Stateless


 I was born, against my will, in the city of Cordoba, Argentina, a long, long time ago. I was naturalized Brazilian, also against my will, but I am intellectually stateless, perhaps the ideal condition for a philosopher.

I studied at the University of Cordoba, founded in 1613. Ever since my college years, the errors of logic and malicious conducts of human beings deeply bothered me (my unbearable classmates, my placid teachers, and my family); therefore, it was not by chance that I became interested in the logical and ethical issues.

The passion for cinema and literature followed me throughout my adolescence and youth, though I never separated my philosophical reflections from adventures, romances and dramas which I watched on the screen of cinemas from Cordoba or read on the pages of novels. In the genealogy of my reflective sensibilities, cinema and literature came, therefore, before the university philosophy (although I felt that philosophy had always been present in cinema and literature).

Once the dark years of the so-called "General Culture" had been overcome, I could finally dedicate myself at the University to what really interested me: the philosophies of the nineteenth and twentieth centuries, theories of argumentation and philosophies of existence, all in an instinctive and incipient manner. Still in Cordoba, the great formal logician Andrés Raggio (a kind of Primordial Father, capable of re-writing my Oedipus in logical characters), insensibly led me to analytical philosophy. My existential monsters would be buried for a long time.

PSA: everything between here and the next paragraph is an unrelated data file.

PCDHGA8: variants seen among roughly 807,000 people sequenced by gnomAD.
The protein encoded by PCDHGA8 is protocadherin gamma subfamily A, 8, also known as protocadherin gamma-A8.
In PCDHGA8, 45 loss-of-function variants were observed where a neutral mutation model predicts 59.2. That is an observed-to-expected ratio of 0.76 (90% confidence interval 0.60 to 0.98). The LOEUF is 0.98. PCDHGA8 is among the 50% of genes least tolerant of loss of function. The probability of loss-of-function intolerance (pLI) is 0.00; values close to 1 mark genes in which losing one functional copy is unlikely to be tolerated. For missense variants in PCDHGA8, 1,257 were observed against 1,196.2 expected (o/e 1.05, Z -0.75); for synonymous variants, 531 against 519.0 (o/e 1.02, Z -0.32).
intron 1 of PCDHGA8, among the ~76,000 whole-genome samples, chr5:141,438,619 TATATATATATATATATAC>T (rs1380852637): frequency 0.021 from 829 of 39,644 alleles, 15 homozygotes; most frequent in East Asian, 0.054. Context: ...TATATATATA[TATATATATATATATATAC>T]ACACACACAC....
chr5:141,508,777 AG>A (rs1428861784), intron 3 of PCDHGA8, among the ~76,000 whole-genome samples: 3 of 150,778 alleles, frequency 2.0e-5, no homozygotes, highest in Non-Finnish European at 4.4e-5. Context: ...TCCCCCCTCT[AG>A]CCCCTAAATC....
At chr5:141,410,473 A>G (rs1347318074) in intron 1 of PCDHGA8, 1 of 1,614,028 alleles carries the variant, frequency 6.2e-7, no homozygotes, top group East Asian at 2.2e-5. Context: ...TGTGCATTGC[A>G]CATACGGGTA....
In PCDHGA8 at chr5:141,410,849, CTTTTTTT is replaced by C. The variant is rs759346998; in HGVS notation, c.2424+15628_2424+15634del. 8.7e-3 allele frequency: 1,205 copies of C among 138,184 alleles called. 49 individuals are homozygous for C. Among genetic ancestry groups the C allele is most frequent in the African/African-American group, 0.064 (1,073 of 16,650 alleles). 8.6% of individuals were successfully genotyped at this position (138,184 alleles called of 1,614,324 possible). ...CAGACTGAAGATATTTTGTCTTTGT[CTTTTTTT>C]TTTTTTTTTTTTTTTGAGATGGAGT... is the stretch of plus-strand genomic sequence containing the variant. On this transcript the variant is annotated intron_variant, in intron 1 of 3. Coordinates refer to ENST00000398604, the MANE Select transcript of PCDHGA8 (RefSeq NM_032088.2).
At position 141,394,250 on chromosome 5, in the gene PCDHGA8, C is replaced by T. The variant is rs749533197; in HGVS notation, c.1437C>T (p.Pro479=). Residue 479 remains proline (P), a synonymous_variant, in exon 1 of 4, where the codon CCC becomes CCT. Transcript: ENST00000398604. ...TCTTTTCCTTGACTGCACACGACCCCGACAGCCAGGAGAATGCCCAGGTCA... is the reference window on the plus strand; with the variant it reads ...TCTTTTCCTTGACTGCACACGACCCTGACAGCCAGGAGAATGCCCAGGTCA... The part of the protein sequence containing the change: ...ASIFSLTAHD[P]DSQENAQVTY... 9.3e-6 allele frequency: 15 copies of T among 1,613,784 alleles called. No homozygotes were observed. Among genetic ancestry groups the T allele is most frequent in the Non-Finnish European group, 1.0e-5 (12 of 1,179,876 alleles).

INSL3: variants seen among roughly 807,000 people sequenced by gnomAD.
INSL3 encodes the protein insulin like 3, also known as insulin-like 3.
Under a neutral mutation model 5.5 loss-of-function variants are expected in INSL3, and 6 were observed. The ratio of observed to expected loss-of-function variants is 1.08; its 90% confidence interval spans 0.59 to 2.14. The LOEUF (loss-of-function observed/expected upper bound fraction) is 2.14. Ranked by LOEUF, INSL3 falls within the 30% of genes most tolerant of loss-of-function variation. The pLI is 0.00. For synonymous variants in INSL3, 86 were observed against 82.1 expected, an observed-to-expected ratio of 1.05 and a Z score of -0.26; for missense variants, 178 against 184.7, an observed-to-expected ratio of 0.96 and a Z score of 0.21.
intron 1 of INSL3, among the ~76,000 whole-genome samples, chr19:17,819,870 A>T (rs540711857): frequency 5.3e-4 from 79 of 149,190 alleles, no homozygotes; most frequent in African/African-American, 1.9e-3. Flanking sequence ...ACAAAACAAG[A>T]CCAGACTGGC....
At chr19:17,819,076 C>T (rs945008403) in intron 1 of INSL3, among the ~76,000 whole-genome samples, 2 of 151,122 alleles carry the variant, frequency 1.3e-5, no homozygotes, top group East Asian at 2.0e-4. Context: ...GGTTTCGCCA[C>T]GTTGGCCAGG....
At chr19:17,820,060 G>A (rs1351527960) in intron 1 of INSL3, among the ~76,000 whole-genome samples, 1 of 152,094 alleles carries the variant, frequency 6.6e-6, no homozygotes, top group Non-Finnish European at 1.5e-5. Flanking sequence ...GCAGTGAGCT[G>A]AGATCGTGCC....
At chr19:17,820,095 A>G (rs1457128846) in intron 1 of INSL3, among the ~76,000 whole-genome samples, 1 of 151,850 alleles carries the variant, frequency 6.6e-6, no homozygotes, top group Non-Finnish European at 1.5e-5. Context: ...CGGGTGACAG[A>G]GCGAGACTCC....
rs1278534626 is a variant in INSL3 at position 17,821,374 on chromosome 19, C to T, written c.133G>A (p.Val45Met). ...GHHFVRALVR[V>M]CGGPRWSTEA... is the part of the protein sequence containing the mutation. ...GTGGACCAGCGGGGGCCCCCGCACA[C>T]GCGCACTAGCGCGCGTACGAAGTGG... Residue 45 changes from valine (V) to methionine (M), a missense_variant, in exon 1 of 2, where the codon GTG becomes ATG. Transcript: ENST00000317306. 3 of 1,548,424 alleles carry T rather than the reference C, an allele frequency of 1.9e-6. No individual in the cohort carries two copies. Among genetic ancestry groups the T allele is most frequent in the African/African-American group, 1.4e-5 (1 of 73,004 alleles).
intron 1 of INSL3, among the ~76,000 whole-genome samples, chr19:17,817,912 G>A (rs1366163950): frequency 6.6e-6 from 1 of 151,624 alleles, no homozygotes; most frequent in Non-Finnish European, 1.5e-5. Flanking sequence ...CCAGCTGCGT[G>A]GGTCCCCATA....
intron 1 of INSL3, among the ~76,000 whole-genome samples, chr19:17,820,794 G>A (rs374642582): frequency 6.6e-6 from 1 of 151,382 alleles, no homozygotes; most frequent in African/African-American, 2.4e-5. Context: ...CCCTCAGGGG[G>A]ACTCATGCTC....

In this context, in the late sixties, I wrote an undergraduate thesis on aesthetics and philosophy of language, defended before three astonished teachers. A few years later, in the seventies, I did a doctoral thesis in the same paths, which induced a comment from the great Thomist metaphysician Nimio De Anquin (1896-1979): "This young man is too smart to be an analytical philosopher."

In the late seventies, I moved to Buenos Aires. There, the SADAF group (Argentine Society for Philosophical Analysis) consolidated me as an analytical philosopher who makes fun of Heidegger and Psychoanalysis. In 1979, Brazil adopted me: the Federal University of Santa Maria (Rio Grande do Sul) hired me as a visitor professor to give a course on modal logic in the master degree course; later I joined the permanent staff of teachers. I spent almost a decade in Santa Maria, totally immersed in the spirit of Brazil, less and less from Argentina, but paradoxically no less from Cordoba (I turned into a kind of Cordoba citizen from Rio Grande do Sul). I especially remember of my short weekends in Porto Alegre to see hundreds of films banned in Argentina. Brazil (despite its philosophical academy so little tropical) encouraged me to dig out my old existential ghosts.

The eighties marked my discovery of psychoanalysis, existentialism, Nietzsche and Schopenhauer, but I realized that I had no reason to give up my previous logical-analytical studies because of this. Instead, I realized how my thoughts always oscillated between analysis and existence, between lexical logical forms and invalidity of human life as different aspects of the same world view.